Are you worried that tensions may arise within the family for leadership of the company?

No, absolutely not. We work as a team. The shareholders are at the service of the company, not the other way around. This means that you do the best that you can and not use the company for financial and professional objectives. The priority is the customer.

How does the family aspect affect the development of the company?

Your investment capacity matters. Being a family business that is 100 per cent self-financed we are growing as much as we can. Our technologies are a source of competitive advantage. If you have another company with much bigger resources and market share they can probably gain a greater market share, but we don’t care about this. We are not aiming for market share because with our [single coffee blend] strategy we can buy as much as 1 per cent of the total amount of coffee produced in the world. That means that we don’t do big volumes and big market share by design. Also, we want to nurture our brand and stay exclusive. We don’t want to make the brand massive, otherwise we will destroy the equity in the brand. We are well balanced. I think that the strategy we have is sustainable. It is long-term oriented. We still manage to grow. Illy was the fastest-growing family coffee company over the last 20 years.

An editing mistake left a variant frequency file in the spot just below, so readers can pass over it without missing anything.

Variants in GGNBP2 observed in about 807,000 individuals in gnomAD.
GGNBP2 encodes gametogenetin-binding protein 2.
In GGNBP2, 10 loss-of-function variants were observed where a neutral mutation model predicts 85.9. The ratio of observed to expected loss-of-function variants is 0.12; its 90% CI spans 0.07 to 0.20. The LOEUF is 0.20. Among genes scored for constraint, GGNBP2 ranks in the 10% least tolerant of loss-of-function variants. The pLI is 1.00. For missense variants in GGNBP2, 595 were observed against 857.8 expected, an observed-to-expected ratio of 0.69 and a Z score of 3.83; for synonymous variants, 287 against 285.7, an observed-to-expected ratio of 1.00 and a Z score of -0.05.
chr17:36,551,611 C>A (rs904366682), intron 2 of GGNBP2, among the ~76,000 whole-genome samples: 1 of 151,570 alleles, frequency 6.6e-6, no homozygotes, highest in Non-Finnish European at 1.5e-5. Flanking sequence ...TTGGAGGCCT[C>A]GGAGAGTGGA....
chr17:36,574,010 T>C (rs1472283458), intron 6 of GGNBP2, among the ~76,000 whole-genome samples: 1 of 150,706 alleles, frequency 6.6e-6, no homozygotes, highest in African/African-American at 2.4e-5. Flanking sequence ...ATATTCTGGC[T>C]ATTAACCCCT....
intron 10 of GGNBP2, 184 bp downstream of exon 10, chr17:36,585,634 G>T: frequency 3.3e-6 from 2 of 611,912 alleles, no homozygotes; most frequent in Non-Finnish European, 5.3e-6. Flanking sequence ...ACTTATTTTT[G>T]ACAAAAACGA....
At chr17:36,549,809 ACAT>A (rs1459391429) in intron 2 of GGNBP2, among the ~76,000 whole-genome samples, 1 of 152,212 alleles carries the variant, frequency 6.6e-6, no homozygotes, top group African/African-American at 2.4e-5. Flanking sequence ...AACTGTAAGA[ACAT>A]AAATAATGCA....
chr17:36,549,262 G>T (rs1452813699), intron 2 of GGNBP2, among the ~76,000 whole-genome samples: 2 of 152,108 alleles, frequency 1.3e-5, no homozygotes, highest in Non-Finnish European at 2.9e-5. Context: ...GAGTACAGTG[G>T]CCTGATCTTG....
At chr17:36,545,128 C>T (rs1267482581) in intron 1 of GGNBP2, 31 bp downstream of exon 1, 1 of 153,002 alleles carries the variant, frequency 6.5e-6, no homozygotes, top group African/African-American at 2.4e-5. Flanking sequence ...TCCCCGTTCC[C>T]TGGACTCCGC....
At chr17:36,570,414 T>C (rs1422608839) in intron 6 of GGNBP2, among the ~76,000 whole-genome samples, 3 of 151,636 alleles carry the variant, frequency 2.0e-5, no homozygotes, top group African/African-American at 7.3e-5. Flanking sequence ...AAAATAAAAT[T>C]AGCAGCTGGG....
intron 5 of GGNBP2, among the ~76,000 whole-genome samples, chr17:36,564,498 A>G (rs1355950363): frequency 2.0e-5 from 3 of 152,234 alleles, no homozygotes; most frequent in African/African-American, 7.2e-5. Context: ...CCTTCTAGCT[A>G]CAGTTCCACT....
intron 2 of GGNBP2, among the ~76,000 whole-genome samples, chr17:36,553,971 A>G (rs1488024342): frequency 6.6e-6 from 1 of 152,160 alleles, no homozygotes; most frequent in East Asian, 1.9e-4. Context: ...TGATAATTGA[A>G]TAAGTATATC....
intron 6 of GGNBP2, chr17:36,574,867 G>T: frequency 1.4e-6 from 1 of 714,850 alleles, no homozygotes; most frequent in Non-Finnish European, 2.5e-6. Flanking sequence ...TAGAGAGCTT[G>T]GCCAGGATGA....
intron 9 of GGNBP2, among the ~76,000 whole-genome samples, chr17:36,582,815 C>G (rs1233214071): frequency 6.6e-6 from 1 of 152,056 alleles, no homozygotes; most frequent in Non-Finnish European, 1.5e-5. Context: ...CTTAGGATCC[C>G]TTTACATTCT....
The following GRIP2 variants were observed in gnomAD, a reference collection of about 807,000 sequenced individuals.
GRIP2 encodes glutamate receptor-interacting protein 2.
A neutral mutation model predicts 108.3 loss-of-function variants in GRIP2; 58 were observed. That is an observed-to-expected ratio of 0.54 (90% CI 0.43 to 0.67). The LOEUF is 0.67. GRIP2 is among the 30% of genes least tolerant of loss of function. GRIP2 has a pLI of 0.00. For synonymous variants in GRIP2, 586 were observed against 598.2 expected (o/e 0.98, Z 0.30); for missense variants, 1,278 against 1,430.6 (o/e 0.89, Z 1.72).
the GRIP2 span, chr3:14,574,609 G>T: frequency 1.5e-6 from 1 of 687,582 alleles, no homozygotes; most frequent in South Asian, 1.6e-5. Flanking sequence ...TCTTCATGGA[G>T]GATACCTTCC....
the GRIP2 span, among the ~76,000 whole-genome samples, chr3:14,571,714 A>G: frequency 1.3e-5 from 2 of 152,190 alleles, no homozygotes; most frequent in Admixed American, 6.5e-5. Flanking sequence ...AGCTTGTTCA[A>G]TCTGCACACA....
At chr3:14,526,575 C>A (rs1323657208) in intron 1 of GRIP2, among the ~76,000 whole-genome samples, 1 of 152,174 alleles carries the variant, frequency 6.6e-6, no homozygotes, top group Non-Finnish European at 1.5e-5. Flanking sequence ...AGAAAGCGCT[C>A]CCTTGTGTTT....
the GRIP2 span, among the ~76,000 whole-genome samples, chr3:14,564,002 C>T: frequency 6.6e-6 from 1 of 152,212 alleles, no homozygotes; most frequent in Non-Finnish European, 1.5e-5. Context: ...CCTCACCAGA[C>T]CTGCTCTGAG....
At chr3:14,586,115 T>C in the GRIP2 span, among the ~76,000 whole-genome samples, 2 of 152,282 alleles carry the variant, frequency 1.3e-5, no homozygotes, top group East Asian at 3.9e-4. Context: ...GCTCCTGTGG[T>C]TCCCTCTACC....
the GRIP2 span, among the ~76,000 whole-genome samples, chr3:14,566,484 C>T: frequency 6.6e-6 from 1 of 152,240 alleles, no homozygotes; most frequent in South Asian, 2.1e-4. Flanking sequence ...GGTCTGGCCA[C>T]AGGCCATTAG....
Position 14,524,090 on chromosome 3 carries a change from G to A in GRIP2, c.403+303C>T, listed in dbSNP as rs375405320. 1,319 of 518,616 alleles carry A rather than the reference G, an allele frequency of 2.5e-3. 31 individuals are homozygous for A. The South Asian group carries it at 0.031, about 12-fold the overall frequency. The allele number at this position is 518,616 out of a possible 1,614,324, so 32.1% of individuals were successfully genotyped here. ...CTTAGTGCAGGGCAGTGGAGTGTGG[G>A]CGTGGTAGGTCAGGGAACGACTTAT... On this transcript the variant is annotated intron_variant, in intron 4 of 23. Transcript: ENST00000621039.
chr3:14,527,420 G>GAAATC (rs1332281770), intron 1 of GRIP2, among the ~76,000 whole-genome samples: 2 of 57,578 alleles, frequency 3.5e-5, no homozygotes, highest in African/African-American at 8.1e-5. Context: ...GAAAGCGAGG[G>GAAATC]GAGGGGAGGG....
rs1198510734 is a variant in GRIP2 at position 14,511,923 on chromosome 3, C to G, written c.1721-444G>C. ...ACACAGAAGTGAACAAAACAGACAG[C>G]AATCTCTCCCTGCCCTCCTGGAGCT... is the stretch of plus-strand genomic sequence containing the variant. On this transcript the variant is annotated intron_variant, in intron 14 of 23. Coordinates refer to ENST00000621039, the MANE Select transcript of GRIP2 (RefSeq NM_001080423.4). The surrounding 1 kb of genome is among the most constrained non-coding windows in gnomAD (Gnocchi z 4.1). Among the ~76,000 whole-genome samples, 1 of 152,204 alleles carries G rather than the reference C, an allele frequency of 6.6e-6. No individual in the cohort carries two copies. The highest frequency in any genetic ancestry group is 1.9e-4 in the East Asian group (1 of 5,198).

Many of Italy’s largest companies are still family-run. Why is that?